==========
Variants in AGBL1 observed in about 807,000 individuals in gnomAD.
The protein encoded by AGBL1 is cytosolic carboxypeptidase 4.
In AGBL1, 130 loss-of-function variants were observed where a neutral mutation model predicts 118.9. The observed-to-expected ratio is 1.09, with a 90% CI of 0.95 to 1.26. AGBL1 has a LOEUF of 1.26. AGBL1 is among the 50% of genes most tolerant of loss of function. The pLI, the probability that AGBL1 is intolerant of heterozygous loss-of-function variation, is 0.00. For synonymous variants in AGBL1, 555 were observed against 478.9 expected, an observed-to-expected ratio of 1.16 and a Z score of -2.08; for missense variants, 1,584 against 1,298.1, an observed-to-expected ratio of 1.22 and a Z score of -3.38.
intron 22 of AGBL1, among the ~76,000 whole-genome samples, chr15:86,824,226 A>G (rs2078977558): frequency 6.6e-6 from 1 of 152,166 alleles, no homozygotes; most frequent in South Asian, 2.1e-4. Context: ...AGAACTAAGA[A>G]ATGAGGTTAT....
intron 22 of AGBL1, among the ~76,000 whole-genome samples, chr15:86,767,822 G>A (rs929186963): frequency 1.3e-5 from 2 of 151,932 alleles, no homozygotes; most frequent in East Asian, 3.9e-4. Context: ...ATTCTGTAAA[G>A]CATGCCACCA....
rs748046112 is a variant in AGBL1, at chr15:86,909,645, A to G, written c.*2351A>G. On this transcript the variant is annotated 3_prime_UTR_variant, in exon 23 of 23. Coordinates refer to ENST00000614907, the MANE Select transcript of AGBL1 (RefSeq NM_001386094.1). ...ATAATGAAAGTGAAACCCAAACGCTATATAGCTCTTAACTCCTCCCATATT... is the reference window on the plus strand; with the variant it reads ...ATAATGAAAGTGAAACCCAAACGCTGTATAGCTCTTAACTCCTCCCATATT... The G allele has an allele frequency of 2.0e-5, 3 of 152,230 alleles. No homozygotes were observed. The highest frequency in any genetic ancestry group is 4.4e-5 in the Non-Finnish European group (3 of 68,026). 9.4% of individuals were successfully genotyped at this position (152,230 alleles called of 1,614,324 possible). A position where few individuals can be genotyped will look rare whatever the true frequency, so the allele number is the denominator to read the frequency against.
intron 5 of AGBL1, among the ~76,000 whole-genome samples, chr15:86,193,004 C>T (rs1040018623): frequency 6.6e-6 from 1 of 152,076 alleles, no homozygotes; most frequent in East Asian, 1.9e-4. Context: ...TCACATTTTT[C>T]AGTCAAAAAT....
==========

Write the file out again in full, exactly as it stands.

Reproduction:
Variants in AGBL1 observed in about 807,000 individuals in gnomAD.
The protein encoded by AGBL1 is cytosolic carboxypeptidase 4.
In AGBL1, 130 loss-of-function variants were observed where a neutral mutation model predicts 118.9. The observed-to-expected ratio is 1.09, with a 90% CI of 0.95 to 1.26. AGBL1 has a LOEUF of 1.26. AGBL1 is among the 50% of genes most tolerant of loss of function. The pLI, the probability that AGBL1 is intolerant of heterozygous loss-of-function variation, is 0.00. For synonymous variants in AGBL1, 555 were observed against 478.9 expected, an observed-to-expected ratio of 1.16 and a Z score of -2.08; for missense variants, 1,584 against 1,298.1, an observed-to-expected ratio of 1.22 and a Z score of -3.38.
intron 22 of AGBL1, among the ~76,000 whole-genome samples, chr15:86,824,226 A>G (rs2078977558): frequency 6.6e-6 from 1 of 152,166 alleles, no homozygotes; most frequent in South Asian, 2.1e-4. Context: ...AGAACTAAGA[A>G]ATGAGGTTAT....
intron 22 of AGBL1, among the ~76,000 whole-genome samples, chr15:86,767,822 G>A (rs929186963): frequency 1.3e-5 from 2 of 151,932 alleles, no homozygotes; most frequent in East Asian, 3.9e-4. Context: ...ATTCTGTAAA[G>A]CATGCCACCA....
rs748046112 is a variant in AGBL1, at chr15:86,909,645, A to G, written c.*2351A>G. On this transcript the variant is annotated 3_prime_UTR_variant, in exon 23 of 23. Coordinates refer to ENST00000614907, the MANE Select transcript of AGBL1 (RefSeq NM_001386094.1). ...ATAATGAAAGTGAAACCCAAACGCTATATAGCTCTTAACTCCTCCCATATT... is the reference window on the plus strand; with the variant it reads ...ATAATGAAAGTGAAACCCAAACGCTGTATAGCTCTTAACTCCTCCCATATT... The G allele has an allele frequency of 2.0e-5, 3 of 152,230 alleles. No homozygotes were observed. The highest frequency in any genetic ancestry group is 4.4e-5 in the Non-Finnish European group (3 of 68,026). 9.4% of individuals were successfully genotyped at this position (152,230 alleles called of 1,614,324 possible). A position where few individuals can be genotyped will look rare whatever the true frequency, so the allele number is the denominator to read the frequency against.
intron 5 of AGBL1, among the ~76,000 whole-genome samples, chr15:86,193,004 C>T (rs1040018623): frequency 6.6e-6 from 1 of 152,076 alleles, no homozygotes; most frequent in East Asian, 1.9e-4. Context: ...TCACATTTTT[C>T]AGTCAAAAAT....